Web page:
The disputed contractual provision prohibits Eastern from using non-Union pilots to perform “all present or future flying, including flight training . . . performed in or for the service of Eastern Air Lines, Inc.” We find that the phrase “in or for the service of” is not free from ambiguity. For example, an arbitrator could conceivably conclude that, because the purpose of the Agreement is to protect Eastern pilots, it does not apply to training of pilots who will fly Eastern routes only if Eastern pilots, refuse to come to work. Similarly, Eastern offers several examples of past practices to support its claim that all training that provides some benefit to the Airline is not necessarily “in or for the service of” Eastern within the meaning of the Agreement. While neither of these readings is necessarily compelled, we hold that Eastern’s interpretation of the disputed provision is not so implausible that it leads us to conclude that the Airline is merely attempting to circumvent the major dispute provisions of the RLA.
 Of course, we offer no view on the merits of Eastern’s reading of the Agreement. It is precisely the job of the arbitrator to
interpret the disputed clause. If ALPA is to prevail on the merits, it must be pursuant to the judgment of an arbitrator.
 VI. CONCLUSION
 This case involves a legitimate controversy over the proper interpretation of a provision in an existing collective bargaining agreement. This is a quintessential example of a minor dispute under the RLA. Accordingly, the District Court lacked jurisdiction to issue a status quo injunction under the RLA, and its decision is therefore reversed.
 Opinion for the Court filed PER CURIAM.[1a]
 ON MOTION TO WITHDRAW OPINION
A dispute is minor only if both of the [parties’] interpretations are predicated on the terms of the contract. Furthermore, it is for the courts not the parties to determine whether each of the parties[‘] interpretation of the terms is plausibly grounded in the language of the agreement.
683 F. Supp. at 852 n. 15. This statement is incorrect as a matter of law. The rule is that “where the position of one or both of the parties is expressly and arguably predicated on the terms of the agreement, as illuminated by longstanding practices, the question of whether the position is well taken involves a minor dispute.'” International Bhd. of Elec. Workers, 473 F.2d at 1172 (quoting Switchmen’s Union v. Southern Pacific Co., 398 F.2d 443, 447 (9th Cir. 1968)) (emphasis added). If the dispute can arguably be resolved by interpreting or applying the terms of the contract, the fact that one party’s interpretation is implausible does not change it into a major dispute unless, as discussed below, the party has repudiated the agreement.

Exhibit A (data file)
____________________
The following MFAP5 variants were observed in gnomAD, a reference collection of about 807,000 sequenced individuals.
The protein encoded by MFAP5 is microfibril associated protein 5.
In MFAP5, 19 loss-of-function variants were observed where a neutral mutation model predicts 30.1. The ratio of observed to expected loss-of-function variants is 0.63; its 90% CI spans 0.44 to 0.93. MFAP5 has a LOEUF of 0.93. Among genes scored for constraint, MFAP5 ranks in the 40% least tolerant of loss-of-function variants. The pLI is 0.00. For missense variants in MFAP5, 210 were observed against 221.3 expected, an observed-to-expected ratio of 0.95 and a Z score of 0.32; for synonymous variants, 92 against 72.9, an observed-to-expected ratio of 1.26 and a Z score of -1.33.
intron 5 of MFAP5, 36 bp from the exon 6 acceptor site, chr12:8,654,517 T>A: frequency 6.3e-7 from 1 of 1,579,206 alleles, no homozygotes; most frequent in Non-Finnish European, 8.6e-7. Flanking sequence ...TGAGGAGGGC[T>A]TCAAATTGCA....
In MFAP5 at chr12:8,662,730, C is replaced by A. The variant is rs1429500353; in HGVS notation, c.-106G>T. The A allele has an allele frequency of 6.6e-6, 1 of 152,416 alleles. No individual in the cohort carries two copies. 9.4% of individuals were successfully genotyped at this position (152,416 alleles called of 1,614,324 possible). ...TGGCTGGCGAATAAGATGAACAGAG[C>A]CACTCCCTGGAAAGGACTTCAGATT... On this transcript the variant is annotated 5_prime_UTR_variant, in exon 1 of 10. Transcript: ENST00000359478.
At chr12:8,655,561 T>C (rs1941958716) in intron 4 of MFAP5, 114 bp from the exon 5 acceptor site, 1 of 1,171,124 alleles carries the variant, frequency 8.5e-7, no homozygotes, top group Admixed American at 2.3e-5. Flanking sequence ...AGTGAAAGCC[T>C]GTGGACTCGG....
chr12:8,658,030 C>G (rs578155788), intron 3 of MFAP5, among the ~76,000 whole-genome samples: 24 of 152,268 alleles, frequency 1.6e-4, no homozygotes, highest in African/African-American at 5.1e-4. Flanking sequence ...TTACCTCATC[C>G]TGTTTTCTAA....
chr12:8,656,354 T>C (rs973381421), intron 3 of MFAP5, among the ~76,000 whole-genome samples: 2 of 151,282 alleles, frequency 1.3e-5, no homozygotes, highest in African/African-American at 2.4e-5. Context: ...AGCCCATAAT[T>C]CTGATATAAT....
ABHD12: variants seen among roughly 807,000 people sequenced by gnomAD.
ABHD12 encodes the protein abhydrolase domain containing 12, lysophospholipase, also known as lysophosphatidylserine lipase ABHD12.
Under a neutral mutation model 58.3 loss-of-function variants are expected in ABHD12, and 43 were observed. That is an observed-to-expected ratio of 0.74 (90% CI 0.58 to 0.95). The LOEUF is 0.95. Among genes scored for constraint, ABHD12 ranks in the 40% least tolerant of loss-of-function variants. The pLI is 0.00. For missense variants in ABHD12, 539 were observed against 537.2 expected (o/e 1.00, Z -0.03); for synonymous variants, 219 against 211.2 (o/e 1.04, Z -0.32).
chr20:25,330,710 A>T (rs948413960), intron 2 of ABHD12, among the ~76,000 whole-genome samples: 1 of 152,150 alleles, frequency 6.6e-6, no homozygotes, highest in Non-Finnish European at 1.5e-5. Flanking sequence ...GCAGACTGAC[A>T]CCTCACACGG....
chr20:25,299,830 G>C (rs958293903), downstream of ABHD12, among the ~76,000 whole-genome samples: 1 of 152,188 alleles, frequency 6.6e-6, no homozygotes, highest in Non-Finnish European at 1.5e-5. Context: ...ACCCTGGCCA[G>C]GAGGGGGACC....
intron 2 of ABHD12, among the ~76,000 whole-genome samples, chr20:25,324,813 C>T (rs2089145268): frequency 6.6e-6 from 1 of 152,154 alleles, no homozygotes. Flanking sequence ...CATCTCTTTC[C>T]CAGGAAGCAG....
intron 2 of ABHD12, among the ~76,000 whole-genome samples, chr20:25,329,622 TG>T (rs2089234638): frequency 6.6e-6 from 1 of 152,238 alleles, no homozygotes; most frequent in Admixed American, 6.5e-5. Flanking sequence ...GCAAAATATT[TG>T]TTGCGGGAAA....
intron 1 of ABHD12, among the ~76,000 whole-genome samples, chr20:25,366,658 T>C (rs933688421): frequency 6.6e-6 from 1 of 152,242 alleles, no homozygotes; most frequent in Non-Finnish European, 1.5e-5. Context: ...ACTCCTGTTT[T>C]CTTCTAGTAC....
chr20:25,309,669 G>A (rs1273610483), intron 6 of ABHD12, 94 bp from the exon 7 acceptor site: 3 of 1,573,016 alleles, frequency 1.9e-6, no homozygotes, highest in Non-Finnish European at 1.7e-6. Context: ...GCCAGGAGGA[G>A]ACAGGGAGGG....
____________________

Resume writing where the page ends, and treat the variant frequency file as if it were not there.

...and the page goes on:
Before the Court is a letter dated March 13, 1989, submitted by counsel for appellee Air Line Pilots Association. Counsel’s letter advises that “Eastern Air Lines . . . filed a petition for reorganization under Chapter 11 of the Bankruptcy Code, 11 U.S.C. § 101 et seq., on March 9, 1989 at 9:23 a.m.,” and asserts that, “[p]ursuant to Section 362(a)(1) of the Bankruptcy Code, Eastern’s chapter 11 petition automatically stayed all proceedings in this appeal on March 9th and thus precluded this court from issuing its March 10, 1989 decision reversing the district court.” Upon consideration thereof it is
 ORDERED, by the Court, that the Clerk file the aforesaid letter as Appellee’s Motion to Withdraw the Court’s Opinion of March 10, 1989, and upon consideration of that motion it is FURTHER ORDERED by the Court, that appellee’s motion is denied.
 Our decision in no way affects any “claim against the debtor,” as contemplated by the Bankruptcy Code, 11 U.S.C. § 362(a)(1)(1984). Our judgment was that the District Court had n jurisdiction in the first place even to entertain appellee’s suit. We did not decide anything on the merits regarding “claims” against the debtor; we only decided that the federal court had no role to play in the parties’ dispute. The opinion holds only that the parties’ dispute is a “minor” one under the Railway Labor Act that properly must be brought in arbitration. If the parties decide to pursue arbitration, this may be an “action or proceeding” that is subject to a stay under section 362(a)(1). To the extent that any other question may arise as to the effect of this Court’s March 10, 1989 decision, that matter properly can be raised before the Bankruptcy Court.
 In these circumstances, we can find no authority requiring this court to withdraw its opinion of March 10, 1989. Accordingly, appellee’s motion is denied.
 So ordered.